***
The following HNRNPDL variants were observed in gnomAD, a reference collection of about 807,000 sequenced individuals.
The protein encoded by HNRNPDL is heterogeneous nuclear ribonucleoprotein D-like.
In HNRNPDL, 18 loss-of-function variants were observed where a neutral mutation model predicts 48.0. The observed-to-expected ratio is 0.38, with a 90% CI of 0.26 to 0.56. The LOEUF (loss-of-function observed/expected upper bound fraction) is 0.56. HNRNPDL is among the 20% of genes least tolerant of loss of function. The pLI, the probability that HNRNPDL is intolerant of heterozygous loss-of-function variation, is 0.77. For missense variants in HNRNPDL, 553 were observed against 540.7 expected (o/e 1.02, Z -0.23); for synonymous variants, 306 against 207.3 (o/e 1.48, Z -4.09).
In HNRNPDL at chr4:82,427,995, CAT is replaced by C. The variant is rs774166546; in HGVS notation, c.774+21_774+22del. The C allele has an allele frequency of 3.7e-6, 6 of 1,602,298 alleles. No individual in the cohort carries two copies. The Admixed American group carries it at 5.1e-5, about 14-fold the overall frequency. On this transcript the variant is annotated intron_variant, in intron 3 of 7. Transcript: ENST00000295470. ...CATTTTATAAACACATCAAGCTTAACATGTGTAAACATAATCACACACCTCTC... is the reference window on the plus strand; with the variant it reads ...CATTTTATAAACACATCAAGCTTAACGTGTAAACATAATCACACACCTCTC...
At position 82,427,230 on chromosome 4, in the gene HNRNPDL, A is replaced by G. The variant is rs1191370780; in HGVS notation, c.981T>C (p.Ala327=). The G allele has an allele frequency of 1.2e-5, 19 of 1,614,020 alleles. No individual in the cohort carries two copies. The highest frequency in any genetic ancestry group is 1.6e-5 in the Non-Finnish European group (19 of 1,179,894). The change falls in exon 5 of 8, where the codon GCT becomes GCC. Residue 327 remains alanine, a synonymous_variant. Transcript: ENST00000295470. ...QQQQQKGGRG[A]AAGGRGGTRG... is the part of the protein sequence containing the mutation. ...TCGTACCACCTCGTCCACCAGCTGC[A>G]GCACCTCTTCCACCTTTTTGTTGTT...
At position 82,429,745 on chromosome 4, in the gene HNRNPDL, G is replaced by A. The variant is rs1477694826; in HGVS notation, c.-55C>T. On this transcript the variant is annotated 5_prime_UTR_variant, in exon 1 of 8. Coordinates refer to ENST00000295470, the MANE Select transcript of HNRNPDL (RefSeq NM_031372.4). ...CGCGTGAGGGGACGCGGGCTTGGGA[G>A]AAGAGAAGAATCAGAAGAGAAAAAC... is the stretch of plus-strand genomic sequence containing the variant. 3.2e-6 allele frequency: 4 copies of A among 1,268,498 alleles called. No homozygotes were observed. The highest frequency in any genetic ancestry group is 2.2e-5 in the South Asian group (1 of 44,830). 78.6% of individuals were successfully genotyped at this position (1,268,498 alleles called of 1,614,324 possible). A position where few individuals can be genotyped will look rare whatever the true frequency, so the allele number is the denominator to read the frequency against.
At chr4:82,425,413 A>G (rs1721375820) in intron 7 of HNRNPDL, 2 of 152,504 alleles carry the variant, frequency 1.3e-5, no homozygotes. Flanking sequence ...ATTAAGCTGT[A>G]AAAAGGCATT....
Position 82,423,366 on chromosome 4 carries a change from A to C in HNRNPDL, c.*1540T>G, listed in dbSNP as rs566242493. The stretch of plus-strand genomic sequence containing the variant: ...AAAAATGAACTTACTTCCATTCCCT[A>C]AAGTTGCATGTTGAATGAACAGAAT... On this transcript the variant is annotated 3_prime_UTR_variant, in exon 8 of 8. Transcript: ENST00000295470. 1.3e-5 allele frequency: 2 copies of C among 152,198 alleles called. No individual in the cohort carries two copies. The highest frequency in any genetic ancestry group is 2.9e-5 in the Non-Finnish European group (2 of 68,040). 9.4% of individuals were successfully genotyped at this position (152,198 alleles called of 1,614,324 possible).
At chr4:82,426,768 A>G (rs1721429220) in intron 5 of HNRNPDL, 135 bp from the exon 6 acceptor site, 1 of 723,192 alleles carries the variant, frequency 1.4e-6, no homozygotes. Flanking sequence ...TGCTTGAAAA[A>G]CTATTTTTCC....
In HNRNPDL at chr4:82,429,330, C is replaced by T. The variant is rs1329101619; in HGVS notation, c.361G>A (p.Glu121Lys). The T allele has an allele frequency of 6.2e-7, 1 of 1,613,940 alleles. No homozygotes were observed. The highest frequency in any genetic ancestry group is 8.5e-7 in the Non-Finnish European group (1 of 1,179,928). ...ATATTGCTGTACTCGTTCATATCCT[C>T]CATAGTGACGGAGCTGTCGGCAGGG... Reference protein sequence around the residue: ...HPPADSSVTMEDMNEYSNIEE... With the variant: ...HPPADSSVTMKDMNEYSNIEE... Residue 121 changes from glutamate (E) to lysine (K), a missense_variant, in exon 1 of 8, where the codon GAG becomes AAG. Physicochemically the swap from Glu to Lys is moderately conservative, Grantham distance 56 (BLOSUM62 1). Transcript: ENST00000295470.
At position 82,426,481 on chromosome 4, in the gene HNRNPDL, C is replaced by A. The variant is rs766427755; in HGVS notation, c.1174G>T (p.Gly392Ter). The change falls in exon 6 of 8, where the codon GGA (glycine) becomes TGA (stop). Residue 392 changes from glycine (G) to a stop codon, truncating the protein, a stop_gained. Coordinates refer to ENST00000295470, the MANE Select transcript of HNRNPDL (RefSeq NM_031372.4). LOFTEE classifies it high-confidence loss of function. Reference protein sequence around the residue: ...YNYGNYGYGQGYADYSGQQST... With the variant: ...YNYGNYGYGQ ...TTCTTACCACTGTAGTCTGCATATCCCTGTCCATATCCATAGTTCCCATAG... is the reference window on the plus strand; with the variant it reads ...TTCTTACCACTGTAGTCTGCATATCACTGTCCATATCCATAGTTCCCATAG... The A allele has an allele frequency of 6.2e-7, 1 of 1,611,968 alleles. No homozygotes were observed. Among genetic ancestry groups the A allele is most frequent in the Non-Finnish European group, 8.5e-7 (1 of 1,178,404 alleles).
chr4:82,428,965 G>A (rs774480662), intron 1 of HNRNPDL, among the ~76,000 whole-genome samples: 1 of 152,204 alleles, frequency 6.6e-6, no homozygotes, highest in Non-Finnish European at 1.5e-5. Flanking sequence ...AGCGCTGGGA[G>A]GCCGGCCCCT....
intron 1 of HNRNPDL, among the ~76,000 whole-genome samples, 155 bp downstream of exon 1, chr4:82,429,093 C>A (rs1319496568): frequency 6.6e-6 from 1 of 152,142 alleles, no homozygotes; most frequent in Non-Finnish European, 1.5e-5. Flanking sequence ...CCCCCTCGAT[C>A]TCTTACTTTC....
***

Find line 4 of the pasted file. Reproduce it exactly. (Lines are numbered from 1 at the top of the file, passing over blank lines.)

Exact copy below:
In HNRNPDL at chr4:82,427,995, CAT is replaced by C. The variant is rs774166546; in HGVS notation, c.774+21_774+22del. The C allele has an allele frequency of 3.7e-6, 6 of 1,602,298 alleles. No individual in the cohort carries two copies. The Admixed American group carries it at 5.1e-5, about 14-fold the overall frequency. On this transcript the variant is annotated intron_variant, in intron 3 of 7. Transcript: ENST00000295470. ...CATTTTATAAACACATCAAGCTTAACATGTGTAAACATAATCACACACCTCTC... is the reference window on the plus strand; with the variant it reads ...CATTTTATAAACACATCAAGCTTAACGTGTAAACATAATCACACACCTCTC...